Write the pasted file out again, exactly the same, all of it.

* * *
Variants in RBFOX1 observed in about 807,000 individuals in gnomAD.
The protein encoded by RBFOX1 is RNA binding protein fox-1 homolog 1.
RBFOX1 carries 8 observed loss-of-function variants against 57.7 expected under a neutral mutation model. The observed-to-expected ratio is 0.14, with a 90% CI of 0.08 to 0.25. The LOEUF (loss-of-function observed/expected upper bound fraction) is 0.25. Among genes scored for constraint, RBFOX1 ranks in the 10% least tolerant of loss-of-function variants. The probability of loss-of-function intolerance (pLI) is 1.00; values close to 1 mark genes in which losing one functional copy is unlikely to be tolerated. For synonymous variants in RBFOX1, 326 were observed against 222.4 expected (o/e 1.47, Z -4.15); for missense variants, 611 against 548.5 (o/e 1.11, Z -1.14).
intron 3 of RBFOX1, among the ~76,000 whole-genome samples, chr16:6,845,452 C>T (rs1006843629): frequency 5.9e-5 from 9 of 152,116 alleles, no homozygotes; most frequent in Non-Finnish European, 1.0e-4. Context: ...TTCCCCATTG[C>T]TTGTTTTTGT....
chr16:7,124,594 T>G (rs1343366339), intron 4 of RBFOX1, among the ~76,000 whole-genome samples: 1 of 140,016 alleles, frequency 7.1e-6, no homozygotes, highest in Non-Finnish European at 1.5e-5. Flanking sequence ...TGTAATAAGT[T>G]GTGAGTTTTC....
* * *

Variants in RBFOX1 observed in about 807,000 individuals in gnomAD.
The protein encoded by RBFOX1 is RNA binding protein fox-1 homolog 1.
RBFOX1 carries 8 observed loss-of-function variants against 57.7 expected under a neutral mutation model. The observed-to-expected ratio is 0.14, with a 90% CI of 0.08 to 0.25. The LOEUF (loss-of-function observed/expected upper bound fraction) is 0.25. Among genes scored for constraint, RBFOX1 ranks in the 10% least tolerant of loss-of-function variants. The probability of loss-of-function intolerance (pLI) is 1.00; values close to 1 mark genes in which losing one functional copy is unlikely to be tolerated. For synonymous variants in RBFOX1, 326 were observed against 222.4 expected (o/e 1.47, Z -4.15); for missense variants, 611 against 548.5 (o/e 1.11, Z -1.14).
intron 3 of RBFOX1, among the ~76,000 whole-genome samples, chr16:6,845,452 C>T (rs1006843629): frequency 5.9e-5 from 9 of 152,116 alleles, no homozygotes; most frequent in Non-Finnish European, 1.0e-4. Context: ...TTCCCCATTG[C>T]TTGTTTTTGT....
chr16:7,124,594 T>G (rs1343366339), intron 4 of RBFOX1, among the ~76,000 whole-genome samples: 1 of 140,016 alleles, frequency 7.1e-6, no homozygotes, highest in Non-Finnish European at 1.5e-5. Flanking sequence ...TGTAATAAGT[T>G]GTGAGTTTTC....